Thumbs Up for Summer Camps, w/Restrictions

by | May 14, 2020

The number of new positive tests went down to 181. The number of people in the hospital went up slightly to 271. Those needing intensive care went down to 65.. Of those in the ICU, 42 were on ventilators. The amount of cases in East Greenwich is 59. Find all of the Dept. of Health numbers on its data dashboard HERE

By Hope McKinney

At her press conference Thursday afternoon, Gov. Gina Raimondo provided more updates on what the summer and entering into phase two will look like. 

Summer camps will be able to open and allow in-person operation starting June 29. She emphasized this date is a goal and they are working to make that goal a reality, although it may be subject to change in case of regression with the virus. 

“It’s not going to be just like last year,” she said. “There’s going to be new cleaning regimens, new restrictions, new guidelines. It’s going to be fun, but different.” 

Camp providers will be asked to keep kids in small, stable groups in order to limit their interaction with large amounts of different people. Regular deep cleaning of shared surfaces, equipment and hand washing must be implemented. She said wearing masks at summer sports camps is still being figured out. 

Teaching will continue throughout the summer, as well. Raimondo said there will be an array of learning opportunities, including options for any kids who need to make up any schoolwork. They are currently working on whether or not it will be entirely digital. Starting next week, the details regarding camp and summer school will be at

Gov. Gina Raimondo gives the daily COVID-19 update from the Veterans Memorial Auditorium on Thursday afternoon. Pool photo: Kris Craig / Providence Journal

Youth sports competitions are another matter. The Centers for Disease Control and Prevention has recommended cancelling or postponing all organized youth sports. 

“I can’t really go against that guidance and I don’t plan on going against that guidance,” Raimondo said. “Until the CDC guidance changes, organized youth sports games in Rhode Island can’t happen.” 

She said she hoped to enable some sports camps and find a way to have limited sports gatherings and practices. For today, however, she reiterates they will follow the guidance from the CDC.

Public library buildings in phase one still remain closed. Curbside pickup of library books, however, continues to be offered at the East Greenwich Free Library Monday through Friday (find out more HERE). Raimondo said she hopes to enable limited browsing at libraries in phase two with – again – new guidelines, including wearing a mask, social distancing and extra cleaning. Whether or not visitors will be able to use library computers is still being considered. 

Figuring out how to reopen hair salons and barbershops remains a challenge. Raimondo said she is trying to set up a system that allows businesses to be safe. One idea is pinpointed testing for close-contact businesses to build confidence for both employees and clients. She said they are still talking with salon owners to get their ideas for the best way to proceed.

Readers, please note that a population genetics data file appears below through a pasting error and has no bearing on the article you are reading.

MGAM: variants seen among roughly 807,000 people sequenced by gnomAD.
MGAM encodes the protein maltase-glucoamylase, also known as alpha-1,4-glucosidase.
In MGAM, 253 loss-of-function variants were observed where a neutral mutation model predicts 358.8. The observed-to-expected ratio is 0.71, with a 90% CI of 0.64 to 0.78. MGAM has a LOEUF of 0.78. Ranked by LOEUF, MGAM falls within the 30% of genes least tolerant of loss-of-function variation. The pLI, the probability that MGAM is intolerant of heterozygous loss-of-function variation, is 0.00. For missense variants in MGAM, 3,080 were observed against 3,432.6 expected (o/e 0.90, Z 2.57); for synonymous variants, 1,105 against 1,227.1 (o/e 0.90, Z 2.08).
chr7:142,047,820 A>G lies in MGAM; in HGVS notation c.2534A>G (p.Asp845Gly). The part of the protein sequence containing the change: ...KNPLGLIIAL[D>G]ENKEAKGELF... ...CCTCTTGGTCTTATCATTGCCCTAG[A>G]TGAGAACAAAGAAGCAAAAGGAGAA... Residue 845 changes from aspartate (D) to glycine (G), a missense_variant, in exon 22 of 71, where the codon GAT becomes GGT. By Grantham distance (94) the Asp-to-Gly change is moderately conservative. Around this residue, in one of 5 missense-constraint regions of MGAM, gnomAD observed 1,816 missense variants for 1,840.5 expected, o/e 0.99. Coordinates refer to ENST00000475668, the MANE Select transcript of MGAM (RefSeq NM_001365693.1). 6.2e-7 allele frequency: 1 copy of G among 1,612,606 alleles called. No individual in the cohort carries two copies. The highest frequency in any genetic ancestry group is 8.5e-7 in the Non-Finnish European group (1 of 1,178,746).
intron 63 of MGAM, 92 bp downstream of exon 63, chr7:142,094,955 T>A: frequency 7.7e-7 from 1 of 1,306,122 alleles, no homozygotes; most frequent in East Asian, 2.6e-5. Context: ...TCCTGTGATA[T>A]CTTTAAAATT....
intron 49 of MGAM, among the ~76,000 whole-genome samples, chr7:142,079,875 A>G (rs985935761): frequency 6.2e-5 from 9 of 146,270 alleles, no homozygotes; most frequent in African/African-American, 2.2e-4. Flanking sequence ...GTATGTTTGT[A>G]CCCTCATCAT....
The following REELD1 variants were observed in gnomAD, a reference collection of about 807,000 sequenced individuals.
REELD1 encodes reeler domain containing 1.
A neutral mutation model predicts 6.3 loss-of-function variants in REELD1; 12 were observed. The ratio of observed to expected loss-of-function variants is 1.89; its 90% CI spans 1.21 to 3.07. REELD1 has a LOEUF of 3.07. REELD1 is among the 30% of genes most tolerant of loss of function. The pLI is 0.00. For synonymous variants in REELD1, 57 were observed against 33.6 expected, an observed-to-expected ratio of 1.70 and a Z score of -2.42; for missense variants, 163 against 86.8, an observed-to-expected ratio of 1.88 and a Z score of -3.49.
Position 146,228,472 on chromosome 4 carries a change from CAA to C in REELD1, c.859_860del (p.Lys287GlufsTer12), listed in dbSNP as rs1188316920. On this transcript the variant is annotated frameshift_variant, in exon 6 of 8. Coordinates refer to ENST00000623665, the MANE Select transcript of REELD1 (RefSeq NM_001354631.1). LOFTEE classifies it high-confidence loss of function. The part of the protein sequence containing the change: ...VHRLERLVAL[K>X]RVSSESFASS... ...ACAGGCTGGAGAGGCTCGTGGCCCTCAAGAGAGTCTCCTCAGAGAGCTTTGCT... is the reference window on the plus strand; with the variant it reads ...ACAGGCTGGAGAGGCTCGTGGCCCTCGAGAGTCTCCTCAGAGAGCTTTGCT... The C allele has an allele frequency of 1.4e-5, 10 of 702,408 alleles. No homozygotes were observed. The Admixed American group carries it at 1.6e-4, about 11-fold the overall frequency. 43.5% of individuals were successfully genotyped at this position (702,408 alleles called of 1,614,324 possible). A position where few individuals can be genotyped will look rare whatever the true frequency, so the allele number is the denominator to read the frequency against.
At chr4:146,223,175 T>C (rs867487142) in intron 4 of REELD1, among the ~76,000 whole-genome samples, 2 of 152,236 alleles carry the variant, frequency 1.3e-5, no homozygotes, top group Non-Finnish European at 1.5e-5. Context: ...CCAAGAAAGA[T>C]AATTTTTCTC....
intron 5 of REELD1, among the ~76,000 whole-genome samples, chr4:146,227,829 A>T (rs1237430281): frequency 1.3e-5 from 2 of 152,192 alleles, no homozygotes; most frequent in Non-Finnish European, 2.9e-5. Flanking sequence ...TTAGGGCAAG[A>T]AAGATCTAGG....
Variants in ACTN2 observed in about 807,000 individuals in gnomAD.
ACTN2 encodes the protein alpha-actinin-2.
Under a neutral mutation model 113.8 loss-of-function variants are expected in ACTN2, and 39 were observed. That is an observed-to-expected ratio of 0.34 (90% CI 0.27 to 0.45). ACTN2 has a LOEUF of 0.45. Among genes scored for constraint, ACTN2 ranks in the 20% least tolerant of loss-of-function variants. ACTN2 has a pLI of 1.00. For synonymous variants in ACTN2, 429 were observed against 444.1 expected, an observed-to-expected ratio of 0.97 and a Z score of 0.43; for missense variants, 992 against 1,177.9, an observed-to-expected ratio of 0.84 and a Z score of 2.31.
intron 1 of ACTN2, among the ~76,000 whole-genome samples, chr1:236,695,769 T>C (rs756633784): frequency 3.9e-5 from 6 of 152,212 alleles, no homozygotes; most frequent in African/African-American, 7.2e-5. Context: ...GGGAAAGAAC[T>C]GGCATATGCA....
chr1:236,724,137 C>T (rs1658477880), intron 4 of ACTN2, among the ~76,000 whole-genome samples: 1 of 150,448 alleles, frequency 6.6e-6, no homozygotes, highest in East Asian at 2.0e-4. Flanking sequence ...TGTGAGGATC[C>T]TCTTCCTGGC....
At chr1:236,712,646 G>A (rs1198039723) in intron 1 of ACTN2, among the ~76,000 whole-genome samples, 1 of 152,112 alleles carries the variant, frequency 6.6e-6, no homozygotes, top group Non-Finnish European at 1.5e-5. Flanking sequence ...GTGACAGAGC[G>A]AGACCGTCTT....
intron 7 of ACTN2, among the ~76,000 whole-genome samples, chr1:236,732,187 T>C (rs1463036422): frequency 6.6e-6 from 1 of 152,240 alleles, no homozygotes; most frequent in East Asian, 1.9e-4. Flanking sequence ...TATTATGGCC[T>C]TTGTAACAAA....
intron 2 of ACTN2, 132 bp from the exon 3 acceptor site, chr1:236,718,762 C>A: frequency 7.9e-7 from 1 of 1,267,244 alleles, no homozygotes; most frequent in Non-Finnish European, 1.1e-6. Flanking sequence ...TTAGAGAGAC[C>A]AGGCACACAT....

“If they come back and say they want to be tested on some regular basis, then I want to try to figure out a way to do that,” Raimondo said.

Starting on Monday, there will be an official survey on for businesses that have been affected by the crisis in order to find out what would be most helpful for them to get back on their feet. This will help to determine how best to spend the money from the COVID emergency relief fund.  

Although children don’t appear to be at as high of risk for the virus, Dr. Nicole Alexander-Scott, the director of the state Department of Health, acknowledged a possible connection between COVID-19 and a health condition in children called pediatric multi-system inflammatory syndrome. She said this may be similar to other childhood conditions such as Kawasaki disease but is presenting somewhat differently. 

Kawasaki disease typically affects young children and  causes inflammation in the blood vessels and is usually caused by an inciting event, such as a virus. Symptoms may include a fever that may not go away, abdominal pain, diarrhea, vomiting, a rash, trouble breathing, or sleepiness.

“There’s already an active plan led by our colleagues at Hasbro Children’s Hospital about how we will prepare for and be ready to respond extensively and appropriately to this if we were needed to address it here in Rhode Island,” Alexander-Scott said. 

There have been no confirmed cases of PMIS in Rhode Island yet; in Massachusetts, 9 children are suspected of having it. Of COVID-19 cases among children in Rhode Island, those younger than 10 comprise only 2 percent of positive cases; people between 10 and 19 comprise 4 percent.

Alexander-Scott announced a few inmates – fewer than five – at the Adult Correctional Institutions have tested positive for COVID-19 but have not shown symptoms. These cases were found after everyone in the facility was tested, as the state has been doing in all communal living facilities. 

“We’re working very closely with the ACI regarding those cases,” she said. “They’re isolated appropriately and all of this has been part of our proactive response.” 

On June 15, PBS will be airing a statewide televised graduation ceremony for high school seniors. The ceremony will include videos submitted by schools or students, highlighting key moments from the year. RI PBS is also holding a singing competition. The deadline for video and song submissions is next Friday, May 22. For more details, click HERE.

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